Barkle Settlers in United States in the 20th Century
  • Miss Annie Barkle, (b. 1873), aged 32, Cornish settler travelling aboard the ship "St Louis" arriving at Ellis Island, New York in 1905 en route to Elm River, Michigan, USA [5]
  • Mrs. Ethel Barkle, (b. 1882), aged 23, Cornish settler travelling aboard the ship "New York" arriving at Ellis Island, New York in 1905 en route to Vulcan, Michigan, USA [5]
  • Mr. Richard T. Barkle, (b. 1882), aged 23, Cornish miner travelling aboard the ship "New York" arriving at Ellis Island, New York in 1905 en route to Vulcan, Michigan, USA [5]

New Zealand Barkle migration to New Zealand +

Emigration to New Zealand followed in the footsteps of the European explorers, such as Captain Cook (1769-70): first came sealers, whalers, missionaries, and traders. By 1838, the British New Zealand Company had begun buying land from the Maori tribes, and selling it to settlers, and, after the Treaty of Waitangi in 1840, many British families set out on the arduous six month journey from Britain to Aotearoa to start a new life. Early immigrants include:

Barkle Settlers in New Zealand in the 19th Century
  • Mr. John Barkle, (b. 1845), aged 29, Cornish miner departing on 29th August 1874 aboard the ship "Pleiades" arriving in Lyttelton, Canterbury, New Zealand on 16th December 1874 [6]
  • Miss Lydia Barkle, (b. 1872), aged 2, Cornish settler departing on 29th August 1874 aboard the ship "Pleiades" arriving in Lyttelton, Canterbury, New Zealand on 16th December 1874 [6]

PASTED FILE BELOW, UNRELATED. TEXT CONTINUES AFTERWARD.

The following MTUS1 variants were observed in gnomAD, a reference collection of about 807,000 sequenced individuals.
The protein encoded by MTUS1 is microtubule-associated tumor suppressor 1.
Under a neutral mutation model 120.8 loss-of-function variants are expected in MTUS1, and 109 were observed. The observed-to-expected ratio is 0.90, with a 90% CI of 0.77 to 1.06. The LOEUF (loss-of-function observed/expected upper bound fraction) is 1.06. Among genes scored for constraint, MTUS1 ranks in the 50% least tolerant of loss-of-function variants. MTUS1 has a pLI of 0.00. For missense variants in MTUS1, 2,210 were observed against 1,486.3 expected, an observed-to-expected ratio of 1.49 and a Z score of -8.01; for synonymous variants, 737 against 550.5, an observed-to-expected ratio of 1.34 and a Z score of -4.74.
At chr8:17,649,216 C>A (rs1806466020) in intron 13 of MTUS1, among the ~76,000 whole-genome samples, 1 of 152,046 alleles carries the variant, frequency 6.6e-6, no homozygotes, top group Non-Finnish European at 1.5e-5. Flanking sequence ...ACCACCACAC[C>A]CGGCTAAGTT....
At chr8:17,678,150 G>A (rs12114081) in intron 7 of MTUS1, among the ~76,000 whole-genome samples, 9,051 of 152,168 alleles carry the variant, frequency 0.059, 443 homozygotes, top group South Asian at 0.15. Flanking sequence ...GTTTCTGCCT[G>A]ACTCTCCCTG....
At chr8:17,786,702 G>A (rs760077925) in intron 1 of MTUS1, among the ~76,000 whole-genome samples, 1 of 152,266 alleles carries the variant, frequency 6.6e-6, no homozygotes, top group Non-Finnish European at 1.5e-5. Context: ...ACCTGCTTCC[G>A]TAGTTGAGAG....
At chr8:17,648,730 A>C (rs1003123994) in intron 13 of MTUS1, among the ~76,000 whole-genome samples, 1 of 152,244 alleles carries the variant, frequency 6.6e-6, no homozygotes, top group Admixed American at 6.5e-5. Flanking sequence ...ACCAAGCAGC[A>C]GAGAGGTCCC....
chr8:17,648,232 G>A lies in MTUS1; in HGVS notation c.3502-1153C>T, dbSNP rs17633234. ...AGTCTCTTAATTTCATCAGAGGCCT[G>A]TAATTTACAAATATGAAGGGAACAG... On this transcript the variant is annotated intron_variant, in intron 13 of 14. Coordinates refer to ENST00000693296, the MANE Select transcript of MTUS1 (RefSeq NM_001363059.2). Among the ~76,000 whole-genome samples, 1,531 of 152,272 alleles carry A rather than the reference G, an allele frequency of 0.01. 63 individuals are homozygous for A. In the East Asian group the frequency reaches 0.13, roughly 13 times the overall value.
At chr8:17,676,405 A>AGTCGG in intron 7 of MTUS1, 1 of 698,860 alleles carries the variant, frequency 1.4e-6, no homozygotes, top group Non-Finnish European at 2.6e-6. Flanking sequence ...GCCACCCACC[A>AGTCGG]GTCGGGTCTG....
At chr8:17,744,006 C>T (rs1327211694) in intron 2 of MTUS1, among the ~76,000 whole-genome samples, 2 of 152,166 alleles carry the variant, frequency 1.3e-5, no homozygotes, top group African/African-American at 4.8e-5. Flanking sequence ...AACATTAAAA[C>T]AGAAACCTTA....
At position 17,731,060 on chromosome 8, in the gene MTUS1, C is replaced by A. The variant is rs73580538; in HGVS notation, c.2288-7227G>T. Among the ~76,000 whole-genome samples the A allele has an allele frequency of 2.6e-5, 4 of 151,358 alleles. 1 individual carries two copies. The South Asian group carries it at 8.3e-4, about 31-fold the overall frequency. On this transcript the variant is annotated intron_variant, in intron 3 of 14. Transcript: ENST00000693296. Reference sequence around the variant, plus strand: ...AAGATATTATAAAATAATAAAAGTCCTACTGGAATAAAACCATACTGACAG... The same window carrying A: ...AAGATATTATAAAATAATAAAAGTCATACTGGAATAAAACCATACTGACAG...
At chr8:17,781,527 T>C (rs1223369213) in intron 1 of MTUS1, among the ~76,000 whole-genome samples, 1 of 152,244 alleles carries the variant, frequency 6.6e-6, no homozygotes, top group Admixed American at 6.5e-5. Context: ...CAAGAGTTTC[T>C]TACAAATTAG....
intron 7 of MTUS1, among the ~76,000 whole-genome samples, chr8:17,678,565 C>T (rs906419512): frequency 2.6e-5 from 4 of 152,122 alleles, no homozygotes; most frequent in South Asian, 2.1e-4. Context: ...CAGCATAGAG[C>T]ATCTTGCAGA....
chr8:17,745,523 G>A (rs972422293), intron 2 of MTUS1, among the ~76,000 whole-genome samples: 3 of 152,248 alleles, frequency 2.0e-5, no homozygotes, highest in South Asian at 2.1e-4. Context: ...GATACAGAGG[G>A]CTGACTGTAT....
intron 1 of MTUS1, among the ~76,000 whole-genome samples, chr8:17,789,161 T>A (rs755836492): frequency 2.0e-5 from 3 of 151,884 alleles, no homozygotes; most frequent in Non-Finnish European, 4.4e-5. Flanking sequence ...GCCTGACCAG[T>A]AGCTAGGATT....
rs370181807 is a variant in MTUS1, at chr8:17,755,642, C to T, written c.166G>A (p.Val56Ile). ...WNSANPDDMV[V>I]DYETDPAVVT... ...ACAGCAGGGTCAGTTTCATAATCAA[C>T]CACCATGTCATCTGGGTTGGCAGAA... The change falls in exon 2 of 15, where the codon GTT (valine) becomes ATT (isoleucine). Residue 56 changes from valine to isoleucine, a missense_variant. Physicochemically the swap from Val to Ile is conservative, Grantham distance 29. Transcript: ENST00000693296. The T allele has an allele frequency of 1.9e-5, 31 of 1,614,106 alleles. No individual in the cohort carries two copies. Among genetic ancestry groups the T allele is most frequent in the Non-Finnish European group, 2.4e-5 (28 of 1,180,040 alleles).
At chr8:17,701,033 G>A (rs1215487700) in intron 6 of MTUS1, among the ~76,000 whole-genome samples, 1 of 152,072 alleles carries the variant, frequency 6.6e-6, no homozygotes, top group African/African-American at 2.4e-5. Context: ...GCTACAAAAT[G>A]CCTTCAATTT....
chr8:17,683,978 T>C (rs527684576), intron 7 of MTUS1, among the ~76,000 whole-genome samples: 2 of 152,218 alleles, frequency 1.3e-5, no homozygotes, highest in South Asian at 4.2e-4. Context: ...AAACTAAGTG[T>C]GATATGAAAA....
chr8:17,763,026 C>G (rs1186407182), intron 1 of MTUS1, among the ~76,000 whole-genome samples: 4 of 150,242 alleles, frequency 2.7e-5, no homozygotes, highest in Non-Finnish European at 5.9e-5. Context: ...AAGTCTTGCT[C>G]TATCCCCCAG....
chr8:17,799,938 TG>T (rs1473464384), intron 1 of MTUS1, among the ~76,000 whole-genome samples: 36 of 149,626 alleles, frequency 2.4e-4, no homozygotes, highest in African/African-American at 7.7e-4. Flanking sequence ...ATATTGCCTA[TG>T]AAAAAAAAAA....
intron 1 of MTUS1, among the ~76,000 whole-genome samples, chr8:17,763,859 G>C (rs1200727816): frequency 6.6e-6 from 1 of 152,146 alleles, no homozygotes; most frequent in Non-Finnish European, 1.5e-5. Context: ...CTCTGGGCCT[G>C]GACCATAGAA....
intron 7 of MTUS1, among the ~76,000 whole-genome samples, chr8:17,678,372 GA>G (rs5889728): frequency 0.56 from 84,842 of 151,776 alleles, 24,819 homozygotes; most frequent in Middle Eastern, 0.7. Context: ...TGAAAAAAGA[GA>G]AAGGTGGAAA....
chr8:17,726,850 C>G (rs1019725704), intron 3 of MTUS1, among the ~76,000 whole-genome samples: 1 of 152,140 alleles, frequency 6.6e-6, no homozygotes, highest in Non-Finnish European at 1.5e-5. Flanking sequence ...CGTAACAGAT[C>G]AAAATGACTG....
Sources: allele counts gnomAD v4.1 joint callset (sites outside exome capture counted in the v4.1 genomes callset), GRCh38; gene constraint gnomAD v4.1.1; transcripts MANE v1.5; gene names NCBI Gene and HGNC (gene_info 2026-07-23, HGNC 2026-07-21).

• Mrs. Maria Barkle, (b. 1845), aged 29, Cornish settler departing on 29th August 1874 aboard the ship "Pleiades" arriving in Lyttelton, Canterbury, New Zealand on 16th December 1874 [6]
  • Miss Mary Barkle, (b. 1865), aged 9, Cornish settler departing on 29th August 1874 aboard the ship "Pleiades" arriving in Lyttelton, Canterbury, New Zealand on 16th December 1874 [6]
  • Miss Rosina Barkle, (b. 1871), aged 3, Cornish settler departing on 29th August 1874 aboard the ship "Pleiades" arriving in Lyttelton, Canterbury, New Zealand on 16th December 1874 [6]
  • ... (More are available in all our PDF Extended History products and printed products wherever possible.)


The Barkle Motto +

The motto was originally a war cry or slogan. Mottoes first began to be shown with arms in the 14th and 15th centuries, but were not in general use until the 17th century. Thus the oldest coats of arms generally do not include a motto. Mottoes seldom form part of the grant of arms: Under most heraldic authorities, a motto is an optional component of the coat of arms, and can be added to or changed at will; many families have chosen not to display a motto.

Motto: In cruce spero
Motto Translation: I trust in the cross.


  1. ^ Lewis, Samuel, A Topographical Dictionary of England. Institute of Historical Research, 1848, Print.
  2. ^ Lower, Mark Anthony, Patronymica Britannica, A Dictionary of Family Names of the United Kingdom. London: John Russel Smith, 1860. Print.
  3. ^ Bardsley, C.W, A Dictionary of English and Welsh Surnames: With Special American Instances. Wiltshire: Heraldry Today, 1901. Print. (ISBN 0-900455-44-6)
  4. ^ Reaney, P.H and R.M. Wilson, A Dictionary of English Surnames. London: Routledge, 1991. Print. (ISBN 0-415-05737-X)
  5. ^ Cornwall Online Parish Clerks. (Retreived 3rd May 2018). Retrieved from http://www.opc-cornwall.org/Resc/pdfs/emigration_ellis_island_1892_on.pdf
  6. ^ Cornwall Online Parish Clerks. (Retrieved 2018, April 30). Emigrants to Lyttelton 1858-84 [PDF]. Retrieved from http://www.opc-cornwall.org/Resc/pdfs/new_zealand_assisted.pdf